26 Facts About Assam That’ll Show You How A Great State Fell To Despair

Assam could have been the greatest state of India. Instead it dominates news for all the wrong reasons. After going through these 26 facts, you’ll realise how a culturally and mineral-rich state has been rendered weak.

1. Assam is India’s first state where AFSPA was imposed. It is still in effect unbroken since 1958.

Just a decade ago, AFSPA was removed from Guwahati municipal area. The government has, however, extended AFSPA in Assam till November 2015.


2. Assam was not part of any prominent Indian kingdom until the British occupied the region in the Anglo-Burmese War 1824-26.


Assam under British rule

A map of Assam from Bengal gazetteer 1907-09. Wikipedia Commons

3. No one still knows how the region came to be called ‘Assam’.

There are many theories from Sanskrit origin name to native names, but no consensus has been reached.


Ahom Kingdom coins

Coin of Rudra Simha of Ahom Dynasty. Coin India

4. The state is believed to be home to the largest number of illegal immigrants from Bangladesh.

Muslim-dominated districts like Dhubri, Goalpara, Barpeta, Morigaon, Nagaon, Hailakandi etc. recorded unusual growth rates ranging from 20 per cent to 24 per cent during the last decade. There has been a rise in the number of violent clashes between Muslims and Bodos in Assam over the last few years.


5. A fourth of India’s oil reserves are located in the Assam-Arakan basin.

The Digboi Museum is dedicated to Assam’s oil.


6. Despite having the highest GDP among all states in the Northeast, Assam is among the five Indian states with lowest per capita income.

The GDP per capita of Assam for the period of 2012-13 was Rs.42,036.


7. With 34.2 per cent Muslim population, Assam has the largest concentration of Muslims in a non-Muslim majority state of India.


8. The first mention of Assam is found in the 4th century Allahabad pillar inscription in the text written by Samudragupta of Gupta Dynasty.

It mentions Kamarupa and Davaka as frontier kingdoms during the Gupta Empire.


9. The River Brahmaputra becomes as wide as 10 km while flowing through Assam.

But the river is yet to be turned into a major navigational route which cannot happen without proper diplomatic support from Bangladesh.


10. All states of the Northeast except Tripura and Manipur were part of Assam until 1950.


11. Two valleys – the Brahmaputra valley and Barak valley – comprise much of Assam’s landmass.


12. The world’s largest riverine island, Majuli on the Brahmaputra, is located in Assam.


13. Assam can be called the Gateway to the Northeast because it is the only state connected to the Siliguri Corridor via NH31.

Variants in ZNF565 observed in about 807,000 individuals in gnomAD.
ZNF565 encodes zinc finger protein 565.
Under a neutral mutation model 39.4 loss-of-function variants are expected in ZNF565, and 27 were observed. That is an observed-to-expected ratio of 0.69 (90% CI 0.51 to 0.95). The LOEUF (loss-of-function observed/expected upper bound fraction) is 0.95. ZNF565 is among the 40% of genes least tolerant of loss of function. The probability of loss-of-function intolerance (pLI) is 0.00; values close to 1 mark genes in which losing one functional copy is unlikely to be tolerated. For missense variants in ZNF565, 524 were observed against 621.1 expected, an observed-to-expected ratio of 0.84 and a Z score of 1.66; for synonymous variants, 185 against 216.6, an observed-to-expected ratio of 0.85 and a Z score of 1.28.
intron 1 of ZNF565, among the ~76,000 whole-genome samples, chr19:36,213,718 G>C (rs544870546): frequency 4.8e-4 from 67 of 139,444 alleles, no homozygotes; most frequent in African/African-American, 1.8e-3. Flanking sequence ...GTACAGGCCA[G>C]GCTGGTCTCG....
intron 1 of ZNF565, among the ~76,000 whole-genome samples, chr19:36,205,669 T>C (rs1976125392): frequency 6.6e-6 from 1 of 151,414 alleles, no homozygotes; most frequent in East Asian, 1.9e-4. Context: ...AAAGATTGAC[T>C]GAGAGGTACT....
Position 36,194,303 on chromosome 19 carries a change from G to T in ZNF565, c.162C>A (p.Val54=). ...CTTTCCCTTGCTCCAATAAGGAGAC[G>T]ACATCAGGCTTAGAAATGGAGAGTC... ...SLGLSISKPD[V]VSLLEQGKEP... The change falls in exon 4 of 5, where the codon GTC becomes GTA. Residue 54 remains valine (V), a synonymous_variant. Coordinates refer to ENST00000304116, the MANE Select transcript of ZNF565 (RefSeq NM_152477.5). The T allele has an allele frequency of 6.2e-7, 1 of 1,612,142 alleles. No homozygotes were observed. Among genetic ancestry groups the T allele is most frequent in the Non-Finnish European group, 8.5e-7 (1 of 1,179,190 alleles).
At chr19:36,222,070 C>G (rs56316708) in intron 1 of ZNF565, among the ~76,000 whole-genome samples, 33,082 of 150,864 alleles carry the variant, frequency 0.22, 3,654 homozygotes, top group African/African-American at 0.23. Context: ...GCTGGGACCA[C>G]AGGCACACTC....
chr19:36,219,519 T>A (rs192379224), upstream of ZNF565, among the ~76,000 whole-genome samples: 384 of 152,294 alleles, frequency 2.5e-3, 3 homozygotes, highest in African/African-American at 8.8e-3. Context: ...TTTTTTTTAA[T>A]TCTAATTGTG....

14. New Tinsukia station in Assam is the easternmost point for broad gauge tracks of Indian Railways.

It is the only state in the Northeast that is connected to the rest of India.


15. Assam’s tea forms the largest chunk of total tea production in India.

The British started the first tea plantation in Assam.


16. The Kaziranga National Park and Manas Wildlife Sanctuary of Assam are UNESCO World Heritage Sites.


17. Many of Asia’s most endangered species are found in Assam’s wildlife abodes.

Assam is home to the largest population of Wild Water Buffalo in the world.


18. The in-demand Assam silk is the collective name for three kinds of wild silk produced in the state.

They are golden Muga, white Pat and warm Eri silk.


19. Oil India Limited, a Navratna company and the country’s second largest hydrocarbon explorer and producer, has its operational headquarters in Duliajan, Assam.


20. Assamese script is based on the ancient Siddhaṃ script, which also gave rise to the Bengali script, the Tibetan script and, partly, the Japanese Kana script.

Assamese and Bengali are identical scripts except for three letters.


21. Assam is the second place in the world where petroleum was discovered.

Asia’s first successful mechanically drilled oil well was drilled in Makum (Assam) way back in 1867.


22. The state can be called the land of festivals as a host of cultural activities are organised by various ethnic communities of the states.

Bihu, Bushu Dima, Ali-Aye-Ligang are some traditional festivals celebrated by Assamese beside Durga Puja and Eid.


23. Most Assamese love liquor. Some households brew their own drinks.

Drinking is not seen as taboo in Assamese culture.


24. Assamese literature and music continues to have a profound influence on the larger Indian cultural scene.

Bhupen Hazarika and Jhanu Barua are some prominent names.


25. Dragons had a very special place in Assamese culture during the Ahom rule.


Lachit Barphukan

Wikimedia Commons

26. The Ahom dynasty, which ruled primarily over Assam for 600 years, was India’s longest unbroken dynasty.


Endowed with natural resources and scenic beauty, Assam seems to have been blessed by the Almighty. But unfortunate political circumstances continues to pull the state behind.


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